Steve Bannon's Chinese Backer Blames Bankruptcy on 'Data Tampering'

Chinese fugitive Guo Wengui, Steve Bannon's financial backer, announced he would be shutting down video platform GTV after filing for bankruptcy and claiming massive data tampering by hackers.

GTV, a Chinese-language video streaming site launched in 2020 by Guo and Bannon, shut down Thursday morning amid legal troubles for the Chinese exile.

"Dear comrades in arms, GTV has been completely shut down at 12:00 in the morning yesterday, due to the massive tampering of data by the Communist Party, hackers," Guo announced Thursday on Gettr, the social media app he owns.

The website featured daily videos of Guo and translated versions of Bannon's War Room podcast, spreading disinformation about the coronavirus pandemic and the 2020 presidential election. GTV was the center of a scandal surrounding President Joe Biden's son Hunter. In October 2020, a GTV user posted a video of a man engaging in illegal activity, claiming it was Hunter Biden, according to Mother Jones magazine. The video was never verified.

Bannon Gui
Former White House Chief Strategist Steve Bannon (r) greets fugitive Chinese billionaire Guo Wengui before introducing him at a news conference on November 20, 2018 in New York, on the death of of tycoon Wang Jian in France on July 3, 2018. Getty Images

The shutting down of GTV came after numerous financial troubles for Guo. Weeks before, Guo filed for bankruptcy following a court ruling ordering him to pay about $250 million to a creditor suing him for breach of contract.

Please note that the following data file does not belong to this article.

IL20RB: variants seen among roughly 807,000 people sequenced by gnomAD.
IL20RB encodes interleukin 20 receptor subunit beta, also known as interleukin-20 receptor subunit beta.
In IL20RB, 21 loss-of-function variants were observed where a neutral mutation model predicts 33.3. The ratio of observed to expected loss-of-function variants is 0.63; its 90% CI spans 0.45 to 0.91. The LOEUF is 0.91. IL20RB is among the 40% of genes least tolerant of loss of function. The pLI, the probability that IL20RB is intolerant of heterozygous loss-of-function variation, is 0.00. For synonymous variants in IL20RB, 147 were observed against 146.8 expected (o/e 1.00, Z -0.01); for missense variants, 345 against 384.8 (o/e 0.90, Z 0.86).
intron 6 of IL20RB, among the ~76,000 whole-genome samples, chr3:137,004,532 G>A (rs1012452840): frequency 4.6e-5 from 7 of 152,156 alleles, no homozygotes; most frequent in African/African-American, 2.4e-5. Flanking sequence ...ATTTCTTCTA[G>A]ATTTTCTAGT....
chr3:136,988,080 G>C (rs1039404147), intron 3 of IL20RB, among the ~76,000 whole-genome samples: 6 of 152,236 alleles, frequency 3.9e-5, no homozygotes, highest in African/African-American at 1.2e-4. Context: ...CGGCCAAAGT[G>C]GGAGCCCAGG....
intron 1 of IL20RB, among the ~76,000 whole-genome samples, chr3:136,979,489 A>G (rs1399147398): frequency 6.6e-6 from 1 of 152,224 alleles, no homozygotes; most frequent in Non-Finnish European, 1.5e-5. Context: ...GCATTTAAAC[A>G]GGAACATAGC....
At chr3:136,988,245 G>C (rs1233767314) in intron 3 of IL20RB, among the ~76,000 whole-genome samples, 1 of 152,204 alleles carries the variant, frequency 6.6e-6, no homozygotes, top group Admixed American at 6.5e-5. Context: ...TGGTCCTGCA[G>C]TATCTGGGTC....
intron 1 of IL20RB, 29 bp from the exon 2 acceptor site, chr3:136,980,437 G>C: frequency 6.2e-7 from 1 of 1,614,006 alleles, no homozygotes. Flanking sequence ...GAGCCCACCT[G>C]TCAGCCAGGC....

In a Gettr post, he announced his bankruptcy and signed the documents on camera.

In Guo's bankruptcy filing, which he also shared online, he said he owed money to between 50 and 99 people. He placed his personal worth between $50,000 and $100,000.

"From this moment on, I'm personally bankrupt due to the persecution of the Chinese Communist Party," he said, without elaborating.

Guo is also very outspoken against the Chinese government. He fled Beijing in 2014 when authorities accused him of bribery and money laundering, according to The Washington Post.

Bankruptcy is just the latest setback in Guo's financial history. In September, the Securities and Exchange Commission charged GTV with conducting an illegal stock offering. GTV is said to have "violated the registration provisions of the federal securities laws by soliciting thousands of individuals to invest in an offering of GTV common stock," according to court documents. GTV and its parent company were ordered to pay over $486 million to compensate investors.

Last month, Guo faced $134 million in contempt of court fines after running afoul of a New York judge. He refused to move his $28 million yacht back into U.S. waters, defying the court's order barring him from selling or relocating the boat or any other property he controls—resulting in a daily forfeiture of $500,000.

Newsweek has reached out to Guo for further comment.